Voting is the foundation of a democratic system of government, whether the system uses direct or representative governance. The heart of voting is trust that each vote is recorded and tallied with accuracy and impartiality.
There is no shortage of historical examples of attempts to undermine the integrity of electoral systems. The paper and mechanical systems we use today, although far from perfect, are built upon literally hundreds of years of actual experience.
There is immense pressure to replace our “dated” paper and mechanical systems with computerized systems. There are many reasons why such systems are attractive. These reasons include, cost, speed of voting and tabulation, elimination of ambiguity from things like “hanging chads,” and a belated recognition that many of our traditional systems are not well suited for use by citizens with physical impairments.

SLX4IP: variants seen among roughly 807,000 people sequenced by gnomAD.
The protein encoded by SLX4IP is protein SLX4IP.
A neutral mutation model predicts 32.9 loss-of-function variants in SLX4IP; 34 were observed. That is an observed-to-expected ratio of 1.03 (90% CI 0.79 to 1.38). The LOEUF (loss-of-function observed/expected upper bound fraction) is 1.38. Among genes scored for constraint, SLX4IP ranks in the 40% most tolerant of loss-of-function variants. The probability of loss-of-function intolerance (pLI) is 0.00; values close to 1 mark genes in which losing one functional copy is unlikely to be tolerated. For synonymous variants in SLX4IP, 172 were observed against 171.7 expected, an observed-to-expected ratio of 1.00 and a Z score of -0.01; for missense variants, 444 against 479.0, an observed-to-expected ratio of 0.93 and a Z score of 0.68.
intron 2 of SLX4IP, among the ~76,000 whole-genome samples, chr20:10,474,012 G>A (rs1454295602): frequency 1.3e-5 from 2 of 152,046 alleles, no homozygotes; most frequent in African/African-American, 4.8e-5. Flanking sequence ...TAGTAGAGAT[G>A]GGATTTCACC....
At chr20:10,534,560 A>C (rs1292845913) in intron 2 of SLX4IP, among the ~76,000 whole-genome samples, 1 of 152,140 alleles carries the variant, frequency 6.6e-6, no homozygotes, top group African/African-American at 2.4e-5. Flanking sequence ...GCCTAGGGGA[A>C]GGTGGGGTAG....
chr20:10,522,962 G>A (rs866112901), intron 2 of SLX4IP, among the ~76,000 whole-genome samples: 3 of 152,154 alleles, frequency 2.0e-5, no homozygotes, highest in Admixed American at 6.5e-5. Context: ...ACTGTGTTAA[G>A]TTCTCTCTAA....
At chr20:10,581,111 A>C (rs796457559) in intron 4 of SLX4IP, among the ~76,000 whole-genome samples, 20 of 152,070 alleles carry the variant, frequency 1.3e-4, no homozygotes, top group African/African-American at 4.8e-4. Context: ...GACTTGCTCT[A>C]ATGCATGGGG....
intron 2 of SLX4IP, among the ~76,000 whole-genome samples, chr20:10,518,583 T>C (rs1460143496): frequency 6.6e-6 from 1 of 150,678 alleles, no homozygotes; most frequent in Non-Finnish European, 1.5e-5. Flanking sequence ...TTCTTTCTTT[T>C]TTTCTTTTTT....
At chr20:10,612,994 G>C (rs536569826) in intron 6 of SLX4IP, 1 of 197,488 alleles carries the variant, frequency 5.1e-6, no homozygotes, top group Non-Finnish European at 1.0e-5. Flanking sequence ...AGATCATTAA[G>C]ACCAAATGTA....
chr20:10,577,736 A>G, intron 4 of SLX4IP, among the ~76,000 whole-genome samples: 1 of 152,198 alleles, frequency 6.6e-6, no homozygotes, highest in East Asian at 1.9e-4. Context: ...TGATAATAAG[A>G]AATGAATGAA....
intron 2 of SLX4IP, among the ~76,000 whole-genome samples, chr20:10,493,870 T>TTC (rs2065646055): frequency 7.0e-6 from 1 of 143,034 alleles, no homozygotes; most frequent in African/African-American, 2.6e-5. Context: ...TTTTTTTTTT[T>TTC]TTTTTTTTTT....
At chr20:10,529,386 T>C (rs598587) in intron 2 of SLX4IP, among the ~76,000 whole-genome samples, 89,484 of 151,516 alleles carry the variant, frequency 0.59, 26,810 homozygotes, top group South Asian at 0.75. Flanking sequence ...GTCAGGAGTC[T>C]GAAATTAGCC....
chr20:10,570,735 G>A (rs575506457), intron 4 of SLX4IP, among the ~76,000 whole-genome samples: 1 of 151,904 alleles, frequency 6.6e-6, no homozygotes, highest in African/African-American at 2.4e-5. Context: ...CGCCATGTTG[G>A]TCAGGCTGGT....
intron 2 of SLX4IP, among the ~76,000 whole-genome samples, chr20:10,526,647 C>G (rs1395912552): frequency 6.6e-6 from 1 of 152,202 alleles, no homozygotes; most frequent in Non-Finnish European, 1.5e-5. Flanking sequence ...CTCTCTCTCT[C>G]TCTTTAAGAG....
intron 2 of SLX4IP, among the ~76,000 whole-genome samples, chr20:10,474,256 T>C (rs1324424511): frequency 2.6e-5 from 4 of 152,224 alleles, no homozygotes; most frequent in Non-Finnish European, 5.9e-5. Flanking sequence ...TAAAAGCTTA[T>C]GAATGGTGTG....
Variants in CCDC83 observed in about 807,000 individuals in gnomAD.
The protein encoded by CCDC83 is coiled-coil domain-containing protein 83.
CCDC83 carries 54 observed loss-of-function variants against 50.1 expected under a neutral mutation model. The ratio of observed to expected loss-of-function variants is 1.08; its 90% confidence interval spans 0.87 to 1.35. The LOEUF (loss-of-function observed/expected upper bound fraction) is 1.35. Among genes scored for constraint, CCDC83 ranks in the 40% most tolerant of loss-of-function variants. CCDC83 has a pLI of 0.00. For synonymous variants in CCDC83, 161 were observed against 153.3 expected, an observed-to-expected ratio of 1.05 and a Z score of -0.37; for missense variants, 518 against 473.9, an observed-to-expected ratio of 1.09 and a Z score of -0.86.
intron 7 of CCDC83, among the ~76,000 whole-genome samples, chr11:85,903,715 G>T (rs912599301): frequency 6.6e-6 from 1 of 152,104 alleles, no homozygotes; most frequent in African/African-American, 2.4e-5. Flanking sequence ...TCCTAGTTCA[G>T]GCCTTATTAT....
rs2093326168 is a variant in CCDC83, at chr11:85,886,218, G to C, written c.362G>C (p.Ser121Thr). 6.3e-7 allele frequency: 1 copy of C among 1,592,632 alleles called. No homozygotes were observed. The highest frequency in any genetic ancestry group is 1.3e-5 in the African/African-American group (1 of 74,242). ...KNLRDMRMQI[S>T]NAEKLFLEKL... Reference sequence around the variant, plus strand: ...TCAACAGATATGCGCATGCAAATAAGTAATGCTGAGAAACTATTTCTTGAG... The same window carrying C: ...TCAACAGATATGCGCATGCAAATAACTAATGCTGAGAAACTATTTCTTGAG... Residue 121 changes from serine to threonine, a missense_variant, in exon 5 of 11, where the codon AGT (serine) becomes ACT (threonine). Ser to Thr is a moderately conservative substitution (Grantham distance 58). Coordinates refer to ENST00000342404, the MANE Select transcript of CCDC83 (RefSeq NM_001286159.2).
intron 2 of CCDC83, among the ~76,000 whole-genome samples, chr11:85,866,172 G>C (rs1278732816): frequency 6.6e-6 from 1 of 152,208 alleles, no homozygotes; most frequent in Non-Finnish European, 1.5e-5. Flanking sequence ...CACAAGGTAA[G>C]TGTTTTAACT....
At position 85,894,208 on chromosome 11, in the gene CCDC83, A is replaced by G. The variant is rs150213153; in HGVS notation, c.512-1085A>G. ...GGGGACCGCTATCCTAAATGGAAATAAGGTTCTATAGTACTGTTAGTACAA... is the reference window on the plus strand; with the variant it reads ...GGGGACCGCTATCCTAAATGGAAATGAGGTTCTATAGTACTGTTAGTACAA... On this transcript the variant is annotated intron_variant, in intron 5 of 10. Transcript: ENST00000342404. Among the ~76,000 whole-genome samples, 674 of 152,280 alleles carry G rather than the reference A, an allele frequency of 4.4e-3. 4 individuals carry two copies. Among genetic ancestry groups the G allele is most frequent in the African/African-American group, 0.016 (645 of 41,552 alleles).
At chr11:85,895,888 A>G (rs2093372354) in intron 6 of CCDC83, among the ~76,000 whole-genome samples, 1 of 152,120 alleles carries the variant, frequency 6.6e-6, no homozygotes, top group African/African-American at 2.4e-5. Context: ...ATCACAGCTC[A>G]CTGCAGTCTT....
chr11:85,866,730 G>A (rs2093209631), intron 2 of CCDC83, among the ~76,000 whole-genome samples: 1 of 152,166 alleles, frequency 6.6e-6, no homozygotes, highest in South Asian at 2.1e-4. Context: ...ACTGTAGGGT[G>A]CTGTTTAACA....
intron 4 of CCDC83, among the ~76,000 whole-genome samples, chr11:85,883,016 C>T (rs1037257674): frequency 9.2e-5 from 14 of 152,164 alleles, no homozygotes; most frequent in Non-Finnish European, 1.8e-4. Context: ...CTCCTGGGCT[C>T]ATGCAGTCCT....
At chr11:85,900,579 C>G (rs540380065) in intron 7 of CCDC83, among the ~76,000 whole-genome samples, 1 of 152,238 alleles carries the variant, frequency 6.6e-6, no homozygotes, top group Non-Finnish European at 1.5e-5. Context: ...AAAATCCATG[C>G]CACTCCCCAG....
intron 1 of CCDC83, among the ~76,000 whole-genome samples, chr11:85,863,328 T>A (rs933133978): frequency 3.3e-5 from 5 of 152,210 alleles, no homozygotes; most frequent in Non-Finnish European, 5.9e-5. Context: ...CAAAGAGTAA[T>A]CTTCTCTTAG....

However, electronic voting brings a new set of risks and drawbacks as well as advantages. In response to the problems and opportunities of electronic voting, the Open Voting Consortium was established.
The Open Voting Consortium (OVC) is creating an open source, trustworthy, cost effective, voter verifiable voting system using open source software components on industry standard computers. A primary element of this Open Voting system is the use of software through which the voter creates a printed paper ballot containing his or her choices.
Before casting his or her ballot the voter may use other, independently programmed, computers to verify that the ballot properly reflects the voter’s choices. The voter may also visually inspect the text printed on the paper ballot. The paper ballot is cast by placing it into a ballot box.
Once cast, that paper ballot is the authoritative record of the voter’s choices for the election and for any recount of that election. Open Voting ballots are machine-readable and may be tabulated (and re-tabulated in the case of a recount) either by computer or by hand.
Authors: Arthur M. Keller | Alan Dechert | Karl Auerbach | David Mertz | Amy Pearl | Joseph Lorenzo Hall